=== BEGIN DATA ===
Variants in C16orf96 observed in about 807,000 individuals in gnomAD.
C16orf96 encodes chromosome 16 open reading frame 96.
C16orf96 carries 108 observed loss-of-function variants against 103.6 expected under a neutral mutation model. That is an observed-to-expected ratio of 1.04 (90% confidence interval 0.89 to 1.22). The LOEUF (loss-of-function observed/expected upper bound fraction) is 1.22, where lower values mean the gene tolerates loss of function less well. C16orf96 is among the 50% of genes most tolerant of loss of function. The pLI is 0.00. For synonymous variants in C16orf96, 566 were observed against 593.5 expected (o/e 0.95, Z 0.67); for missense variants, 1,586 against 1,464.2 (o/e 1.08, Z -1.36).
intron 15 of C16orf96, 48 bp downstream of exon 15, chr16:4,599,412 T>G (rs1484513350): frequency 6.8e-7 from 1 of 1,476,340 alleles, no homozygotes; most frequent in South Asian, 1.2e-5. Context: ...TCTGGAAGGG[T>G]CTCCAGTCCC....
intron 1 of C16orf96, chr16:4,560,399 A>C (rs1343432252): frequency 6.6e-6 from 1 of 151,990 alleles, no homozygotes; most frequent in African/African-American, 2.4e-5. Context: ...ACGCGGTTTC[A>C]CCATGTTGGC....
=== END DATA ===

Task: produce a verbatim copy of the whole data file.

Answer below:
Variants in C16orf96 observed in about 807,000 individuals in gnomAD.
C16orf96 encodes chromosome 16 open reading frame 96.
C16orf96 carries 108 observed loss-of-function variants against 103.6 expected under a neutral mutation model. That is an observed-to-expected ratio of 1.04 (90% confidence interval 0.89 to 1.22). The LOEUF (loss-of-function observed/expected upper bound fraction) is 1.22, where lower values mean the gene tolerates loss of function less well. C16orf96 is among the 50% of genes most tolerant of loss of function. The pLI is 0.00. For synonymous variants in C16orf96, 566 were observed against 593.5 expected (o/e 0.95, Z 0.67); for missense variants, 1,586 against 1,464.2 (o/e 1.08, Z -1.36).
intron 15 of C16orf96, 48 bp downstream of exon 15, chr16:4,599,412 T>G (rs1484513350): frequency 6.8e-7 from 1 of 1,476,340 alleles, no homozygotes; most frequent in South Asian, 1.2e-5. Context: ...TCTGGAAGGG[T>G]CTCCAGTCCC....
intron 1 of C16orf96, chr16:4,560,399 A>C (rs1343432252): frequency 6.6e-6 from 1 of 151,990 alleles, no homozygotes; most frequent in African/African-American, 2.4e-5. Context: ...ACGCGGTTTC[A>C]CCATGTTGGC....